Cesar Hernandez – ‘C’: in his first season as a full-time starter, Hernandez turned 25 years old at the end of May. He had some moments and solid stretches of play, but overall was inconsistent. and he does not appear to be a longterm solution at the Keystone position for the Phillies. Hernandez was second on the team with 19 steals, and he had respectable batting average (.277) and on-base percentage (.339) figures. He has no power, finishing with one homer, 35 RBI, and 20 doubles, but did finish slightly on the positive side with a 0.9 WAR figure. He showed some defensive versatility, starting 75 games at second, but also nine games each at shortstop and third base. Hernandez finished the season on the DL with a thumb injury, lost at about the same time as Howard, with roughly three weeks remaining. The new Phillies management will face a difficult decision in deciding how to proceed with Hernandez, at least for 2016. Is he the presumptive incumbent at second base? Does the team return Odubel Herrera there? Does Darnell Sweeney get a chance to challenge for the starting role? Hernandez will likely go to spring training having to fight for the starting nod.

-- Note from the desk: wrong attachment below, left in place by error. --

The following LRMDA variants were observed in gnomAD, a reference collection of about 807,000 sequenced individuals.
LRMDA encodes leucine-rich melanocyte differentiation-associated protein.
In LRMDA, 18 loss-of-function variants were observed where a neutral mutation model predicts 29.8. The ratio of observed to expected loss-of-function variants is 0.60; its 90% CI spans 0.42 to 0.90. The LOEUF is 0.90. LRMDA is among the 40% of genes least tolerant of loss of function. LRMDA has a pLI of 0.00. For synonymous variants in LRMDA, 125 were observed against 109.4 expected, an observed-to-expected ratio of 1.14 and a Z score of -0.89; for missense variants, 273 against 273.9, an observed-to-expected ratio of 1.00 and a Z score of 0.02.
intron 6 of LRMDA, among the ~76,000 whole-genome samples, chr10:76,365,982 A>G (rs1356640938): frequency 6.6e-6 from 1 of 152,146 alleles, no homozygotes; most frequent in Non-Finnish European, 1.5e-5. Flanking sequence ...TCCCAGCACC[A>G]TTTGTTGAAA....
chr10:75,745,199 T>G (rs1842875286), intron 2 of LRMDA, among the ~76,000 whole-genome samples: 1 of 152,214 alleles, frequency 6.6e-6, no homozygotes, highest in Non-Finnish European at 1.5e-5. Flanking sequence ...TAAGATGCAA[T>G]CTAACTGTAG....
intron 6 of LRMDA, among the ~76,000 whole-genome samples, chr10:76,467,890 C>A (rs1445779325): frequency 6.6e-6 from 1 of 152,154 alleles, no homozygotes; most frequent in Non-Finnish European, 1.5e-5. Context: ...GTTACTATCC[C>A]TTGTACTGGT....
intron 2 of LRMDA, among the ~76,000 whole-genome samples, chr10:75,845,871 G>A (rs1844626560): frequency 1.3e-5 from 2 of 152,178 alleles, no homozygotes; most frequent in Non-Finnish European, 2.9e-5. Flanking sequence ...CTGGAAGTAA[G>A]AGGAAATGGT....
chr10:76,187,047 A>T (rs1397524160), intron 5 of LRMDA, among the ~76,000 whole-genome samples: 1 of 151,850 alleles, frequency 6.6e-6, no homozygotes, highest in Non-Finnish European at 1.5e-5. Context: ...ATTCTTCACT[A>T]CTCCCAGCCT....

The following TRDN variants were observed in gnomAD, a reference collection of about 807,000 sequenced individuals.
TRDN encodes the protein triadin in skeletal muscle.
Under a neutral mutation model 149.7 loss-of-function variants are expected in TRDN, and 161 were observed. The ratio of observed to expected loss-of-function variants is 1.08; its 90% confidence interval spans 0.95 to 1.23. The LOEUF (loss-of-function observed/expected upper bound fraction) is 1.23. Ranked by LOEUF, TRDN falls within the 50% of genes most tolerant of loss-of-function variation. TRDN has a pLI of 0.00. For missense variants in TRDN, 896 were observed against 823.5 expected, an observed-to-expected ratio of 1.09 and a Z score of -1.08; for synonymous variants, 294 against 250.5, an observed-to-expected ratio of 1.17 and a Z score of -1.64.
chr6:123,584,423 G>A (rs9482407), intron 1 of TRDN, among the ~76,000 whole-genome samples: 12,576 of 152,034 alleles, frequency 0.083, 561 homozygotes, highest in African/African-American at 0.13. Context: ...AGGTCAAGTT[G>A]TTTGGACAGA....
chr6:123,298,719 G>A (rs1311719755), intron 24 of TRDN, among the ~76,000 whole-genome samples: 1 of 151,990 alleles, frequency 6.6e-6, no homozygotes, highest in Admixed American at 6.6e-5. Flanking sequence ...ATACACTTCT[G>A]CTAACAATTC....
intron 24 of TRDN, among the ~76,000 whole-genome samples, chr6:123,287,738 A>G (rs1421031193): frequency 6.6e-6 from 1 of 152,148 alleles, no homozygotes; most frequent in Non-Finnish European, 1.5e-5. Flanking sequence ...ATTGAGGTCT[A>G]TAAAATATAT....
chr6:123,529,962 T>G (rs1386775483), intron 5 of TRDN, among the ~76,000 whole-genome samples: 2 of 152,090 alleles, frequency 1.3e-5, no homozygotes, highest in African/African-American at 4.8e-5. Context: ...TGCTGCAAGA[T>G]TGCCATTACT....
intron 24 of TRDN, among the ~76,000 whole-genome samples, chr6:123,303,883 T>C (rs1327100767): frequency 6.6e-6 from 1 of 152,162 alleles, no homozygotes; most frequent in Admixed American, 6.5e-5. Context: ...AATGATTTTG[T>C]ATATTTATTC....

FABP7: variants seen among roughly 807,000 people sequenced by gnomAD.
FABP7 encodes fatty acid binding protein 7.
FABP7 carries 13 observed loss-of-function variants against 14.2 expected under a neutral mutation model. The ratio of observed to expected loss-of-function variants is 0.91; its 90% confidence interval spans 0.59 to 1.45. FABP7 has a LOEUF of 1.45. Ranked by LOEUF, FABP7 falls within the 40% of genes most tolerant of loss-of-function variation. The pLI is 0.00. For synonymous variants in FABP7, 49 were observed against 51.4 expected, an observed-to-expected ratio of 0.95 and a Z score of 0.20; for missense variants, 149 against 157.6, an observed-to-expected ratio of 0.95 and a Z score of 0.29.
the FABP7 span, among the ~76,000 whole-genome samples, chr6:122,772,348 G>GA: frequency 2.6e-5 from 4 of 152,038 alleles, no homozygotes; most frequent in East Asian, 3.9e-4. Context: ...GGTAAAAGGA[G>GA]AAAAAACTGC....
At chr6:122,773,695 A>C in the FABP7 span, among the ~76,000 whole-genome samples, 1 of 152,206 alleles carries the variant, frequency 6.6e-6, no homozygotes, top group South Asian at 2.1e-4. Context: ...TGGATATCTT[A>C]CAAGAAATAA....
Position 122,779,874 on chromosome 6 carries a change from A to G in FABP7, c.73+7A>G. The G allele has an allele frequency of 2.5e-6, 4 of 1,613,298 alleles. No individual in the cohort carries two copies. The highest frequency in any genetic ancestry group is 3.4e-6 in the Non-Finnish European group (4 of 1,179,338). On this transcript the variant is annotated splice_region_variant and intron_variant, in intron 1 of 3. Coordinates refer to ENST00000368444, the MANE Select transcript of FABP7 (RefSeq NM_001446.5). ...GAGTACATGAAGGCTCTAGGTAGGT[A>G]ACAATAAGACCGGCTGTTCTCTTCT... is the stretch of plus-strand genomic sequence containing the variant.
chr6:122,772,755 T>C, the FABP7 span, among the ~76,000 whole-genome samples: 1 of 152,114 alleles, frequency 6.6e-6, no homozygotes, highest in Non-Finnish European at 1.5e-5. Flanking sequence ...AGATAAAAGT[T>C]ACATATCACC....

Freddy Galvis – ‘D’: inheriting the shortstop position from the traded Jimmy Rollins, Galvis got off to a strong start. But over the course of the season, his offensive production seriously declined. He finished with a .263 average and just a .302 on-base percentage. He had little power, hitting just 7 homers and 20 doubles over a team-high 603 plate appearances. Galvis has a little more pop, a little less speed, than Hernandez, but otherwise is not very much different as far as value. He was advertised as a strong defensive shortstop, but was as inconsistent with the glove as he was with a bat in his hands. Galvis finished with a .973 fielding percentage that was basically league-average, and he made 17 errors. To give that figure some context, Rollins never made more than 14 in any Phillies season, and made fewer than 10 errors in five of his final seven seasons in red pinstripes. Galvis is clearly only a placeholder until the team’s top prospect, shortstop J.P. Crawford, is ready to take over the position. That should happen no later than September of 2016, which means Galvis is likely to get one more shot as a regular starter.